1996 - The Fiber Optic System
Coastal Cop Buggy
|| 8408 Desert
Pneumatic Log Loader
Optic Multi Set
The fiber optic element was truly innovative, but sadly only appeared in 1996 in two sets and never again in Technic (and only in 2 other types of sets). This electric element is powered by a 9V wire and has 8 holes into which clear fiber optic cables fit. The far end of each cable fits in a pin hole. Each hole of the electric element has a red light (LED?) which illuminates only when the central axle is in a certain position, and only one at a time. To get the lights to move, the central axle must be turned by and external crank or motor, and then the fiber optic cables visibly light in sequence.
While the 8880 had a unique transmission shifting lever, a more standardized solution was needed for other models. These gates (shown in gray) could be used in pairs along with the changeover catch above driving rings to allow shifting in an H-pattern. However, this system was somewhat limited to be used with only 4 gears. Besides the H-pattern on top, the gates also feature a transverse axle hole to support the catch. These parts were relatively rare and are no longer used.
Transmission Changeover Catch
The changeover catch (shown in red) was designed to be used with the transmission gates and driving ring to shift gears in a transmission. Unlike the gate, it remains in use to this day, sometimes for purposes other than shifting a transmission. The axle hole in top and on the side can be useful, and the tiny hole in the tip will fit a flex cable.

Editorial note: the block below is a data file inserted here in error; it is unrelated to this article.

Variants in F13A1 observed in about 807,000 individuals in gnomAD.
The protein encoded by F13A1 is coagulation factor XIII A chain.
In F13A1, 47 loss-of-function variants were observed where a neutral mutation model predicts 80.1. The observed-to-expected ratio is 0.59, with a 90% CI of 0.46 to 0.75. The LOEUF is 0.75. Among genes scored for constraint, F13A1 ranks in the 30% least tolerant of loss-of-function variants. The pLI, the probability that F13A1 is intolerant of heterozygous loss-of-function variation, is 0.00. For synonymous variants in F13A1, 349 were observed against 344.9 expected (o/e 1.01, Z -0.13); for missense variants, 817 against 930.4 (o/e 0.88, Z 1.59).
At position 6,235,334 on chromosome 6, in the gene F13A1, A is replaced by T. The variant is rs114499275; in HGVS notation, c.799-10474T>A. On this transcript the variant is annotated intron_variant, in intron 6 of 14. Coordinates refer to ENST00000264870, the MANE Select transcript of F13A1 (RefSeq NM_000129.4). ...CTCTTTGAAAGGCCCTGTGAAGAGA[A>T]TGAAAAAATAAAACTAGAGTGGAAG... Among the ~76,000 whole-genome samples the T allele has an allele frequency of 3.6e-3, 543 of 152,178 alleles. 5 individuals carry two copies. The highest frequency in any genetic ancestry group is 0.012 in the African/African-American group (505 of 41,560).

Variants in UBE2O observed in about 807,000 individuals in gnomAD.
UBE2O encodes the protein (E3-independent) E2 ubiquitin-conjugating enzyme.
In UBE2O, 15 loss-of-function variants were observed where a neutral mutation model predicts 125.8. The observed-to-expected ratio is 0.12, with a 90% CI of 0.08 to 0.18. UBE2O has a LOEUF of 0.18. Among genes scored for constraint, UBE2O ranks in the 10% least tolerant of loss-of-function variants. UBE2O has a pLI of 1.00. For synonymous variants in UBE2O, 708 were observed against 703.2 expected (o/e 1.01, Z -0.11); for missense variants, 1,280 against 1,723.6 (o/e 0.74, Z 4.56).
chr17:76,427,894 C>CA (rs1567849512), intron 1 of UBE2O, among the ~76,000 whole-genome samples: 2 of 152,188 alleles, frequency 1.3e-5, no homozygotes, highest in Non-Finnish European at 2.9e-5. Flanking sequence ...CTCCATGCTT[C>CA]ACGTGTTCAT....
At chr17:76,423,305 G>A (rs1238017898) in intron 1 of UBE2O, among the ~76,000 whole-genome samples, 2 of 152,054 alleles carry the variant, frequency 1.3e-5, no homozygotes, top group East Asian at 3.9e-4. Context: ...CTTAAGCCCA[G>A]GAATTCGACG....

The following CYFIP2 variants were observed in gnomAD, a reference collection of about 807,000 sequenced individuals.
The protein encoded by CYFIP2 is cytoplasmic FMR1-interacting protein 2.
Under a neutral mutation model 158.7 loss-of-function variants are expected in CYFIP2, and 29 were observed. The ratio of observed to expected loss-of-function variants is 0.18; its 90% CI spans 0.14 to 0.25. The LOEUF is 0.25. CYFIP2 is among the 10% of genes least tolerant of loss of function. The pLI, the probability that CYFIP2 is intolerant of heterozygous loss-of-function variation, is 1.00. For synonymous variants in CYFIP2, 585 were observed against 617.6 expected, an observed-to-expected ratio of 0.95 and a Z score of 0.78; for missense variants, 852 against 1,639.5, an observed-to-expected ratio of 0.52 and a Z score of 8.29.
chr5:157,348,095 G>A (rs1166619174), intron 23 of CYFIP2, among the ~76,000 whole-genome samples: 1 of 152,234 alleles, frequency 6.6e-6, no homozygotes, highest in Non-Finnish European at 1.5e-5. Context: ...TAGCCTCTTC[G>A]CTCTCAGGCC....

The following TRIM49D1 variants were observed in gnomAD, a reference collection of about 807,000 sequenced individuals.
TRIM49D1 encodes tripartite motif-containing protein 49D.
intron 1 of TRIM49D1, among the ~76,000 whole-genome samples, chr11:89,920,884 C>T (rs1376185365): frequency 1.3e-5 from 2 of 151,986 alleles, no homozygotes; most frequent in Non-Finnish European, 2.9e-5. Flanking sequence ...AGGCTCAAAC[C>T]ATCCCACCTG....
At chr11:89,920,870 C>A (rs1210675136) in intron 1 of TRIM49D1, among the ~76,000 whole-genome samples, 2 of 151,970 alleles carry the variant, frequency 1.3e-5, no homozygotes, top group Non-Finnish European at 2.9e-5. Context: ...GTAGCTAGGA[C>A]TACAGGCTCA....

1x2 Technic Bricks with 2 Holes
Like the 1x1 Technic brick introduced last year, the 1x2 with 2 holes is fundamentally different than the others because the holes are centered under the studs. This part was critical for the spacing of the gears in 8480.
As Technic moved away from studded bricks and towards full thickness and half thickness liftarms, a pin which bridged the two was needed. The 3/4 pin is one stud long on one side but only half a stud long on the other and does not have friction. This part came only in dark gray until the next millennium.
6x4 Bent Liftarm
While a few half thickness studless liftarms had been introduced in previous years, this was the first full thickness liftarm. With 6 studs in one direction and 4 studs in the other, you might expect that this angled liftarm would be some obvious angle like 45 degrees or 30 degrees, but it is actually 53.13 degrees. Why? Because both ends need to fit on a standard grid of studs. With this angle, the axle hole at the end lines up perfectly with a square grid, but the other holes in between do not. This angle would be used for most bend liftarms in the future. The particular part was critical to the payload bay doors on 8480.